When David Bazan sang, “I trust T. William Walsh and I’m not afraid to die,” on Pedro the Lion’s “Bands with Managers,” the heuristic frontman wasn’t only admitting automotive confidence in his van-driving bandmate and prime Pedro collaborator, he was also affirming the dark horse musician who had come to embody a fair share of the acclaimed outfit’s creative cache.
A dozen years later, well after that band’s amicable split and Bazan’s musical rebirth, Boston-based multi-instrumentalist and audio engineer TW Walsh released Fruitless Research, his second solo album for Graveface Records, a kaleidoscope of innovative indie rock. The thematic inquests far from futile, he handily marked his artistic merit on the 2016 LP.
Walsh’s contemporary research continued the cryptic rock saga of Songs of Pain and Leisure (2011), another token of the musician’s determined spirit. Clearly, Walsh is no novice. He began his solo career with 1999’s How We Spend Our Days, followed by his cooperative stints in Pedro the Lion, Headphones, and a spell fronting New England rockers the Soft Drugs.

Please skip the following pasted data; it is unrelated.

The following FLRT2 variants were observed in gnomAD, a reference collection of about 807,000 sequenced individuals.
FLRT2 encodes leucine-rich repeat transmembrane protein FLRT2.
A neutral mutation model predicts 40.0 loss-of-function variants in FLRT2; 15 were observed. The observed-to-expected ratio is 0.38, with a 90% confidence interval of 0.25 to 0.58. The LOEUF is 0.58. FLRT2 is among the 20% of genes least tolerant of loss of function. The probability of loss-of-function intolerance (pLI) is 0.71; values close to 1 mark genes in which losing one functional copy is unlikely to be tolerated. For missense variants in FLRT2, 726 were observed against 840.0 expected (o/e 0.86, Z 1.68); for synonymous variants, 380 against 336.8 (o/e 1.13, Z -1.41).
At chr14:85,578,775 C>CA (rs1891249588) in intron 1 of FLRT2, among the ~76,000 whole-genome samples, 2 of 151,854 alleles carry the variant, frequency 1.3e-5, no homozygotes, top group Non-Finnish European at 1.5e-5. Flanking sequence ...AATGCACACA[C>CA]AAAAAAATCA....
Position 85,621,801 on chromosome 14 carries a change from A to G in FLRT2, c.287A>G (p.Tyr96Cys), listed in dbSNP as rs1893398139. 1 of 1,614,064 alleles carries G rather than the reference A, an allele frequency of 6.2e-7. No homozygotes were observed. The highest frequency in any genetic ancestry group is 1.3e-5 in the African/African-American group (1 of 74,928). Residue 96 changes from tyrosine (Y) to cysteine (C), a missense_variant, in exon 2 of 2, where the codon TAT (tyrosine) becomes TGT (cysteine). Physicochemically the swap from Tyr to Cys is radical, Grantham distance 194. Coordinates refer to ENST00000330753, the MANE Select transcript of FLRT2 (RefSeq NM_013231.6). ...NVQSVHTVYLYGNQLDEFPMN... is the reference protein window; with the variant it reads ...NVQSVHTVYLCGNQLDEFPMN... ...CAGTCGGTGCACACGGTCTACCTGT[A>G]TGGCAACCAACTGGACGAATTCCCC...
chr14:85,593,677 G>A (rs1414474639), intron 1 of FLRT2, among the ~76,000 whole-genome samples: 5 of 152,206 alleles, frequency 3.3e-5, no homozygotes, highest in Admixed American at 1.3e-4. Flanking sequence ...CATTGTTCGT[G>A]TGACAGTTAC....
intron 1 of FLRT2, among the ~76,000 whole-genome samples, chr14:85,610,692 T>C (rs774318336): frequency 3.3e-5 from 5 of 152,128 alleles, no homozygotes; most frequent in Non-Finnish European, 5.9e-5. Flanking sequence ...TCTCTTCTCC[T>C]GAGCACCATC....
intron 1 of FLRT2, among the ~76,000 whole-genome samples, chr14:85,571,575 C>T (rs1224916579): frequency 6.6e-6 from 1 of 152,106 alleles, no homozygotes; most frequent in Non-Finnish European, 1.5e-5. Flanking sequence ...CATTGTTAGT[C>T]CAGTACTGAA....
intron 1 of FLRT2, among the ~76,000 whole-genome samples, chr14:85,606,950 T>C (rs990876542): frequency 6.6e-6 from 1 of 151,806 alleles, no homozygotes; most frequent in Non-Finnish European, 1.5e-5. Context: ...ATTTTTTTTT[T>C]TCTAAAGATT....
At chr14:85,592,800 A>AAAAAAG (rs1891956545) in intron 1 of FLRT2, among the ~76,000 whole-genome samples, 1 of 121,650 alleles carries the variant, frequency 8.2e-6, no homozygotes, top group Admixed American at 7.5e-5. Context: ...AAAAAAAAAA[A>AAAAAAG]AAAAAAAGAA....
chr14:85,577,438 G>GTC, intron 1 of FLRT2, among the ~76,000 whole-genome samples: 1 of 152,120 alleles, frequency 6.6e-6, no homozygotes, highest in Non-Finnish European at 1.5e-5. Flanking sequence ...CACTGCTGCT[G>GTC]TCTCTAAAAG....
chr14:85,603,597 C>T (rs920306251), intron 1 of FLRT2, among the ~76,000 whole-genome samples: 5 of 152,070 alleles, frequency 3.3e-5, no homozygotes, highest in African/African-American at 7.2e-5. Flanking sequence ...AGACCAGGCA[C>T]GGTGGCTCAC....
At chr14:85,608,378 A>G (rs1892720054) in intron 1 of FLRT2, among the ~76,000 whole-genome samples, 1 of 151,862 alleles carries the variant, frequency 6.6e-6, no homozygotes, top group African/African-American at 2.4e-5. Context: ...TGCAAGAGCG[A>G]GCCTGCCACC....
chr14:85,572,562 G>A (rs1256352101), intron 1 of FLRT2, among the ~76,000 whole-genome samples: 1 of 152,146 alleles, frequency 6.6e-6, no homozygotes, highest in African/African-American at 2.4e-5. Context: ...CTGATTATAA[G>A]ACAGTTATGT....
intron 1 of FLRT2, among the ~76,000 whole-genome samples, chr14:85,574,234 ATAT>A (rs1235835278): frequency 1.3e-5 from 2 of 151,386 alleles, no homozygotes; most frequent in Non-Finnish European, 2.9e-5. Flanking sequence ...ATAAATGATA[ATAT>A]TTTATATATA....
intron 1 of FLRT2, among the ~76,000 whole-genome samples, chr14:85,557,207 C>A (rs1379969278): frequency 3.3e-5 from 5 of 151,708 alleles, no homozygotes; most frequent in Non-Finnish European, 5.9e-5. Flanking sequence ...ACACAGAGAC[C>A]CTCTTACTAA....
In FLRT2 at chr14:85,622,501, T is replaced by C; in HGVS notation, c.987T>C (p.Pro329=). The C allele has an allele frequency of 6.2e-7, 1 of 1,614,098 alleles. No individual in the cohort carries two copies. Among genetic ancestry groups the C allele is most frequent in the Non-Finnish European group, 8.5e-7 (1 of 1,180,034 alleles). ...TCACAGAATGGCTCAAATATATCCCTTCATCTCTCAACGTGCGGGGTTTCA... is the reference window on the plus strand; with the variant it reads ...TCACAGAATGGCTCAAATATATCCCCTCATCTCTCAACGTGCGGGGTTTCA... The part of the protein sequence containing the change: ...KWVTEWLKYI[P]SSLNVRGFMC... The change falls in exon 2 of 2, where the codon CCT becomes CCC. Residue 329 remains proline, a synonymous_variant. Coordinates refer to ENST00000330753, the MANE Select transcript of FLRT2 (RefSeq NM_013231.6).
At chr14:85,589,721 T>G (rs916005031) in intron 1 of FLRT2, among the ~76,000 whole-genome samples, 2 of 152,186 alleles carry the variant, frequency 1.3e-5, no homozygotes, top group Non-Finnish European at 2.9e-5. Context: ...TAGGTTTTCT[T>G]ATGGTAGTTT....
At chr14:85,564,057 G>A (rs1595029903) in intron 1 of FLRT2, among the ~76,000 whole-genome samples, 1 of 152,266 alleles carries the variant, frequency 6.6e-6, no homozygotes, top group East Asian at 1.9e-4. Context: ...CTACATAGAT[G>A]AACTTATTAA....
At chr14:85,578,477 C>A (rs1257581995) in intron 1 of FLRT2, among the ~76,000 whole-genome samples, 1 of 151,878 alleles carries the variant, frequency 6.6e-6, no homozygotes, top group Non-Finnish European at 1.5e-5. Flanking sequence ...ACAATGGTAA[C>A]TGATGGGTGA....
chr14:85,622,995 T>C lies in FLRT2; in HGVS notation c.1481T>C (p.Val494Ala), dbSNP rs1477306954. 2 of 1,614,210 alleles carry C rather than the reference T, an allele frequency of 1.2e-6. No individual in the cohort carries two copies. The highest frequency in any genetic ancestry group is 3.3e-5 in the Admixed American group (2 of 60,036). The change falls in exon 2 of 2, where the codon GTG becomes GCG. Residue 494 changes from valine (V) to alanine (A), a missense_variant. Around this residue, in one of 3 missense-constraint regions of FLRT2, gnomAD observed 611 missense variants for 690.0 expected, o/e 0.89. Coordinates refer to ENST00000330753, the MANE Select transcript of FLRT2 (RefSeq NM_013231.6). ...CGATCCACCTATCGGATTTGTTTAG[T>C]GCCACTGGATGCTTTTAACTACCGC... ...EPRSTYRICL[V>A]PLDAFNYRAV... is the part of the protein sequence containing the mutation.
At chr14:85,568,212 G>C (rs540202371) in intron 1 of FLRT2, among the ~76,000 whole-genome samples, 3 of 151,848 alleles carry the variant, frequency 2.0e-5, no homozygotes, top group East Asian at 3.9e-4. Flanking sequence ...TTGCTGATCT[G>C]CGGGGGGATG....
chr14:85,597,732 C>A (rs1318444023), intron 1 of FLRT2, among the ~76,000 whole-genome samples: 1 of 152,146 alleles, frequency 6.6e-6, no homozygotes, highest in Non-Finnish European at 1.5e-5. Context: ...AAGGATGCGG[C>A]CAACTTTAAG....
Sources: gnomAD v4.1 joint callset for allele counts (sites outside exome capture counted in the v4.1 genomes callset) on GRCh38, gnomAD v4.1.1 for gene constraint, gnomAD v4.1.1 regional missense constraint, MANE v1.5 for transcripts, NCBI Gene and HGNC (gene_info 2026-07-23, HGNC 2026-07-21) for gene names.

Now, Walsh will unleash Terrible Freedom, his fifth full-length record (sixth if you count the Soft Drugs’ 2013 double-EP reissue) and first solo run under his own Tower of Song imprint. The rock and roll Renaissance man calls it “an album about fear and liberation” on the project’s Kickstarter page, signifying the uncertain era we inhabit.
As long as there are machines to rage against, sociopolitical anxiety will inevitably inform creative reflection. So, what does an album about fear and liberation mean for Walsh? “I think the themes are more existential and universal than political,” the musician tells HM. “But it really applies across the board. We live in a country that extols these values of compassion and liberty, but I’d say our government isn’t really holding up its end of the bargain.”
The disillusionment doesn’t end there. While the populace devours Internet memes and streams viral videos, Walsh propounds, a growing collective impunity only amplifies egoism and emptiness. “We just distract ourselves from real life with drugs and entertainment and social media,” he says, invoking the panaceas of modern life. “We’re going to entertain ourselves to death. It’s a dangerous place to be.”